Campus: San Francisco State University -- April 10, 2003

SF State to Award Honorary Degree to Singer, Activist Peter Yarrow

Peter Yarrow, a member of the legendary folk trio Peter, Paul & Mary and a longtime activist for the homeless, peace, human rights and education, will receive the honorary degree of doctor of fine arts from San Francisco State University during commencement ceremonies on Saturday, May 24.

Yarrow, whose career spans more than four decades, has touched the lives of millions through his music and activism. He performed at Martin Luther King, Jr.'s historic March on Washington, D.C., organized peace events during the Vietnam War and established the "Save One Child" fund at Beth Israel Hospital's Institute of Neurology and Neurosurgery in New York. In the last five years, the fund has provided free medical care for more than 70 children worldwide whose families could not afford critically needed surgery.

His most recent project, and his most meaningful undertaking yet, involves building safer and more respectful school environments for children. Launched in 2000, Operation Respect: "Don't Laugh at Me" works with schools and youth organizations to reduce the emotional and physical cruelty some children inflict on each other through ridicule, bullying and, in extreme cases, violence.

"Peter Yarrow is a model of the values we hope to strengthen in our students," said SFSU President Robert A. Corrigan. "As exemplified by his long and varied career, he has been committed to social justice and equity. From his years of performing music of conscience with Peter, Paul & Mary to his involvement with the civil rights movement and later to the creation of Operation Respect, Peter's mission in life resonates deeply with us."

Each campus in the California State University system nominates honorary degree recipients to recognize those individuals with meritorious and outstanding service to the CSU, the campuses, the state of California, the United States or to humanity at large. The recipients are individuals whose lives and achievements serve as examples for CSU's diverse student body

"What makes this honor most meaningful to me is the spirit in which it is offered. To be honored because I exemplify the kind of role model of commitment, humanity, vision and achievement that President Corrigan would like students to emulate is to characterize me so far beyond my own concept of myself that I am truly humbled," said Yarrow, 64.

Born in 1948 in New York, Yarrow was in high school when he heard The Weavers perform "If I Had a Hammer" and "Wasn't That a Time." He immediately realized the extraordinary impact of music of conscience, which he describes as writing from the heart rather than for money and addressing issues of equality, fairness and justice. He went on to study at Cornell University and received a bachelor's degree in experimental psychology.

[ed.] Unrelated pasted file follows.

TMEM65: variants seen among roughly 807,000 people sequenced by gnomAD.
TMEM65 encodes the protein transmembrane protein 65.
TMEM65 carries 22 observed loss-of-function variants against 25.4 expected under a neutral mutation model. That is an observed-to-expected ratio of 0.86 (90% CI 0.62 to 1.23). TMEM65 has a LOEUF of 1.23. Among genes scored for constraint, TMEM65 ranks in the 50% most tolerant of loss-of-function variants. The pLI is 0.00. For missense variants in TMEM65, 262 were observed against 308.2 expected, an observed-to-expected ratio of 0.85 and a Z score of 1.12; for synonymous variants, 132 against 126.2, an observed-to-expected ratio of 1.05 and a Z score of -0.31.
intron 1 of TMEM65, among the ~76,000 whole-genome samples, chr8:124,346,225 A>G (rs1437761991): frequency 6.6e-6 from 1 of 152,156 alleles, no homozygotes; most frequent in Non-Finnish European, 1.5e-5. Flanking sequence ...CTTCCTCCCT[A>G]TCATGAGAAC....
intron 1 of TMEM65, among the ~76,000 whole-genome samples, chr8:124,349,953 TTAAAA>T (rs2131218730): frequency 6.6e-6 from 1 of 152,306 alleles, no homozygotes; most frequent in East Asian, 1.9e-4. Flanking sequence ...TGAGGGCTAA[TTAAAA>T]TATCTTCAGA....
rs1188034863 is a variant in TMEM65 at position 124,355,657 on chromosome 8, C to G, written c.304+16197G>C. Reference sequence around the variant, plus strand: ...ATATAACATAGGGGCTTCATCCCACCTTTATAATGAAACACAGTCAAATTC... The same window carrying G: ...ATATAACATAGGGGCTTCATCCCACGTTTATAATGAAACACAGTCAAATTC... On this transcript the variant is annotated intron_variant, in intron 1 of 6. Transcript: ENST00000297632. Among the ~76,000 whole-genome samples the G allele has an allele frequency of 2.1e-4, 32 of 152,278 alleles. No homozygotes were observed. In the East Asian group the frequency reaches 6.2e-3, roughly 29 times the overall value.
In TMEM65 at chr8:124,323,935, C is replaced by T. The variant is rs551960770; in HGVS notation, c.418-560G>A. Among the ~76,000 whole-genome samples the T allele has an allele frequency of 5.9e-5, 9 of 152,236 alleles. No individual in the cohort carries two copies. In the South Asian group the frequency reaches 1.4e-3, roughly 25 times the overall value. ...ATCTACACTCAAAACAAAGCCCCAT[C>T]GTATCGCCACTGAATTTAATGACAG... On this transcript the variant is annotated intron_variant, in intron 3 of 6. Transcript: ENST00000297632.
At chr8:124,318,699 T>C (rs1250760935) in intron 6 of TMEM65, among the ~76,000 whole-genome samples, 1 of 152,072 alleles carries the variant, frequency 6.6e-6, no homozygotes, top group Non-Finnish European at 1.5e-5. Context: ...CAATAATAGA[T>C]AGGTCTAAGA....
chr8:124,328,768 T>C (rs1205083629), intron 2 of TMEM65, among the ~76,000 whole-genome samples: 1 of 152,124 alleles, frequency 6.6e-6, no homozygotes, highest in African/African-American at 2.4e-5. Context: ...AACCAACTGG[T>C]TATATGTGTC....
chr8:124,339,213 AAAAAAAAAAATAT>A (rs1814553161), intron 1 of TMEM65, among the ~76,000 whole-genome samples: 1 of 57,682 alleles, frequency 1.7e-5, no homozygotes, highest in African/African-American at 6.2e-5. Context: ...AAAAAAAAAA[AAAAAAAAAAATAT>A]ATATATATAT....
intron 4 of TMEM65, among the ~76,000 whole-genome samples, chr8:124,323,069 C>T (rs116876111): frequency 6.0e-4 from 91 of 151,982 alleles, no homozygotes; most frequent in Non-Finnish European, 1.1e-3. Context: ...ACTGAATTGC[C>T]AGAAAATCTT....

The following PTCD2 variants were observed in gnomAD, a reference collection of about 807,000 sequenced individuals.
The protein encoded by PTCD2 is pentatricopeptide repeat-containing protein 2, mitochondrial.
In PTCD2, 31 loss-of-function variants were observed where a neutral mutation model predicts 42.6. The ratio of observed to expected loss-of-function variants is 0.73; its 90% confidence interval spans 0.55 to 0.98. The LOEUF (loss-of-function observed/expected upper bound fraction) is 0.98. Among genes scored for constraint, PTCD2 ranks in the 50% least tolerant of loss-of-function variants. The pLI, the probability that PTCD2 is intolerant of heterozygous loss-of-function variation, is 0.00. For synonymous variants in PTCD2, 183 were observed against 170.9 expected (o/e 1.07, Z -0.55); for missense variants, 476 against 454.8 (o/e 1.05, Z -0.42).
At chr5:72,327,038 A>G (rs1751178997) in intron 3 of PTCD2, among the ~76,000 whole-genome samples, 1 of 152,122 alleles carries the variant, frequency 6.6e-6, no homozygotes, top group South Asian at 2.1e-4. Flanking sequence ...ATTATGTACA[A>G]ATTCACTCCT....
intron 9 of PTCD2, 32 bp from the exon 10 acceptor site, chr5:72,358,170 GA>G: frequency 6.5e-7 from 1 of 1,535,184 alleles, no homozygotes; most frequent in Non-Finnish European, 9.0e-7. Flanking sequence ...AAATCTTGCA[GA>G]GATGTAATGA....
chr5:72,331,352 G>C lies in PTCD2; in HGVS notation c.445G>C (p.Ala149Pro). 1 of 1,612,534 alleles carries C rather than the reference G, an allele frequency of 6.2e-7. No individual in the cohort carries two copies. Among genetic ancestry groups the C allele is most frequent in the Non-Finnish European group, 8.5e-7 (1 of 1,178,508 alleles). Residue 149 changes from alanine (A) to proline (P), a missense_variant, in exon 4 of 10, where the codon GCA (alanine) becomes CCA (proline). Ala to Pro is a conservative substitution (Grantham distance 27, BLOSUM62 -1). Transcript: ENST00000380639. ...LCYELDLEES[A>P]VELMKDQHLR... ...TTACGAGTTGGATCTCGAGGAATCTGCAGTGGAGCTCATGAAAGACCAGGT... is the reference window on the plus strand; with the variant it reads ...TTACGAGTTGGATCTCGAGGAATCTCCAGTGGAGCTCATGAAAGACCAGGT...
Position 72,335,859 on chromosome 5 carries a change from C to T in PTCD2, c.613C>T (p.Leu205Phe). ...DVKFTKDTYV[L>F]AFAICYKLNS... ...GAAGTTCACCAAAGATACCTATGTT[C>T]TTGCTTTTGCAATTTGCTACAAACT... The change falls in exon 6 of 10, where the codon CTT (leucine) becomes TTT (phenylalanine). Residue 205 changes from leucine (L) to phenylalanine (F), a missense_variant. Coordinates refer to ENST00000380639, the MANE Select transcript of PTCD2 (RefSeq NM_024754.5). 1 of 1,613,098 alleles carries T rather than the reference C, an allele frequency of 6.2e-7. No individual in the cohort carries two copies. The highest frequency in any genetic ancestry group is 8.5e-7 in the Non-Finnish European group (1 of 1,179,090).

In 1961 he debuted at a New York coffeehouse with Noel Paul Stookey and Mary Travers and before long the folk trio known as Peter, Paul & Mary was touring the country, singing "Puff the Magic Dragon" and "Blowin' in the Wind" to crowds. The group's albums went gold and platinum and the musicians won numerous Grammys. The three continue to perform together about 40 times a year.

With music still the backdrop of his life, Yarrow has delved into other projects. He organizes an annual folk concert in Texas that helps launch the careers of budding singers and songwriters. He also sits on the board of the Connecticut Hospice, the first hospice in the country, where he frequently sings for patients and staff.

The Operation Respect: "Don't Laugh at Me" program, which has received funding from corporate, nonprofit and government sponsors, is based on a song performed by Peter, Paul & Mary (the lyrics include such lines as "Don't call me names; don't get pleasure from my pain"). More than 40,000 copies of the curriculum packet, which encourages children and teachers to declare their classrooms into "Ridicule Free Zones," have been distributed to schools.

"The social, emotional and spiritual growth of children, is the only path to world peace. It is the only route to untying the generational knots of hatred that have grown tighter and more fierce, and to finding ways to address today's most formidable challenges," said Yarrow. "It's the only route to proactively bring light and understanding to dark and sinister circumstances, to bring joy to the process of healing, and success to the pursuit of the fulfillment of our dreams of peace and compassion for all of humankind."

Yarrow lives in New York. He has two children: daughter Bethany is a singer, songwriter and award-winning filmmaker, and son Christopher owns an Asian art gallery in Portland, Ore.

Media Contact: Christina Holmes (415) 405-3803; (415) 338-1665; cholmes@sfsu.edu


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